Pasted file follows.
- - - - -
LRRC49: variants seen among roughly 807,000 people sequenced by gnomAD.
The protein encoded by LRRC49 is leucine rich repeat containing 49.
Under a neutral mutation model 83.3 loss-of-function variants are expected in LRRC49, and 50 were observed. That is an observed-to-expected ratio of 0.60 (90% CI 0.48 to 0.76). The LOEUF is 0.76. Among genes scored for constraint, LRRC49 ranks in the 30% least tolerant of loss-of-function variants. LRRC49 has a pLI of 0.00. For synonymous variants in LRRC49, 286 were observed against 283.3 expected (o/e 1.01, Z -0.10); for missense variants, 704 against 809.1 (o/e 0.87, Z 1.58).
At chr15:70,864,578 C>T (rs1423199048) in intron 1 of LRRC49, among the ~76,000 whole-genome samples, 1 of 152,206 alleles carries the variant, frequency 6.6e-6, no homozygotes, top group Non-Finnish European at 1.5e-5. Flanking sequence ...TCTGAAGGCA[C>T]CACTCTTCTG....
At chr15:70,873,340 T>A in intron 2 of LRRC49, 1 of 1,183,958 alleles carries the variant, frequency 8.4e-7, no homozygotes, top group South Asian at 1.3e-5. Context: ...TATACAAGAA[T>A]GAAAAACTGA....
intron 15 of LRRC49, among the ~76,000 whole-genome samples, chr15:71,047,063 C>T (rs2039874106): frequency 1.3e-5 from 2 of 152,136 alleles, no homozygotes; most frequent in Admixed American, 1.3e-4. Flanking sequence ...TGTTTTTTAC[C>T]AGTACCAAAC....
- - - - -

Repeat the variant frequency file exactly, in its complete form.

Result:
LRRC49: variants seen among roughly 807,000 people sequenced by gnomAD.
The protein encoded by LRRC49 is leucine rich repeat containing 49.
Under a neutral mutation model 83.3 loss-of-function variants are expected in LRRC49, and 50 were observed. That is an observed-to-expected ratio of 0.60 (90% CI 0.48 to 0.76). The LOEUF is 0.76. Among genes scored for constraint, LRRC49 ranks in the 30% least tolerant of loss-of-function variants. LRRC49 has a pLI of 0.00. For synonymous variants in LRRC49, 286 were observed against 283.3 expected (o/e 1.01, Z -0.10); for missense variants, 704 against 809.1 (o/e 0.87, Z 1.58).
At chr15:70,864,578 C>T (rs1423199048) in intron 1 of LRRC49, among the ~76,000 whole-genome samples, 1 of 152,206 alleles carries the variant, frequency 6.6e-6, no homozygotes, top group Non-Finnish European at 1.5e-5. Flanking sequence ...TCTGAAGGCA[C>T]CACTCTTCTG....
At chr15:70,873,340 T>A in intron 2 of LRRC49, 1 of 1,183,958 alleles carries the variant, frequency 8.4e-7, no homozygotes, top group South Asian at 1.3e-5. Context: ...TATACAAGAA[T>A]GAAAAACTGA....
intron 15 of LRRC49, among the ~76,000 whole-genome samples, chr15:71,047,063 C>T (rs2039874106): frequency 1.3e-5 from 2 of 152,136 alleles, no homozygotes; most frequent in Admixed American, 1.3e-4. Flanking sequence ...TGTTTTTTAC[C>T]AGTACCAAAC....